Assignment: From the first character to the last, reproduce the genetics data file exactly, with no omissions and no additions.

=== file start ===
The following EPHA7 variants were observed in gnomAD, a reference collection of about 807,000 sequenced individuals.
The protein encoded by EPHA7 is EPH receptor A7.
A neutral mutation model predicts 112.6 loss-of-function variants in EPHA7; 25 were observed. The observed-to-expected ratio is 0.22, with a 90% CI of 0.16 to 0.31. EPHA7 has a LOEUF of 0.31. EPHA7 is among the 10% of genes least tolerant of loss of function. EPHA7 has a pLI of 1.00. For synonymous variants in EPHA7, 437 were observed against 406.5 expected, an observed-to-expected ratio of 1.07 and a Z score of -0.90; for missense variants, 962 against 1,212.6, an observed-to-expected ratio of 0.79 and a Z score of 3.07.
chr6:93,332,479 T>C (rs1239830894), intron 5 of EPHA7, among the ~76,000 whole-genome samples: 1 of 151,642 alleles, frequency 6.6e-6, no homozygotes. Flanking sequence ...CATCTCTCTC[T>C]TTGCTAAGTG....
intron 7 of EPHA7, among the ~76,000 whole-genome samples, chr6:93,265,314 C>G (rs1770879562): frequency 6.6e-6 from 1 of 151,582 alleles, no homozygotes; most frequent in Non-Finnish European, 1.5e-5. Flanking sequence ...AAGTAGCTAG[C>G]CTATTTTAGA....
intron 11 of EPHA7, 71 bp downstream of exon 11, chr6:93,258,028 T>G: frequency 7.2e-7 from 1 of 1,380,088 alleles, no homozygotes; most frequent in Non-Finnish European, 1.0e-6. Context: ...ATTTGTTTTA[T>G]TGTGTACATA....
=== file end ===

The following EPHA7 variants were observed in gnomAD, a reference collection of about 807,000 sequenced individuals.
The protein encoded by EPHA7 is EPH receptor A7.
A neutral mutation model predicts 112.6 loss-of-function variants in EPHA7; 25 were observed. The observed-to-expected ratio is 0.22, with a 90% CI of 0.16 to 0.31. EPHA7 has a LOEUF of 0.31. EPHA7 is among the 10% of genes least tolerant of loss of function. EPHA7 has a pLI of 1.00. For synonymous variants in EPHA7, 437 were observed against 406.5 expected, an observed-to-expected ratio of 1.07 and a Z score of -0.90; for missense variants, 962 against 1,212.6, an observed-to-expected ratio of 0.79 and a Z score of 3.07.
chr6:93,332,479 T>C (rs1239830894), intron 5 of EPHA7, among the ~76,000 whole-genome samples: 1 of 151,642 alleles, frequency 6.6e-6, no homozygotes. Flanking sequence ...CATCTCTCTC[T>C]TTGCTAAGTG....
intron 7 of EPHA7, among the ~76,000 whole-genome samples, chr6:93,265,314 C>G (rs1770879562): frequency 6.6e-6 from 1 of 151,582 alleles, no homozygotes; most frequent in Non-Finnish European, 1.5e-5. Flanking sequence ...AAGTAGCTAG[C>G]CTATTTTAGA....
intron 11 of EPHA7, 71 bp downstream of exon 11, chr6:93,258,028 T>G: frequency 7.2e-7 from 1 of 1,380,088 alleles, no homozygotes; most frequent in Non-Finnish European, 1.0e-6. Context: ...ATTTGTTTTA[T>G]TGTGTACATA....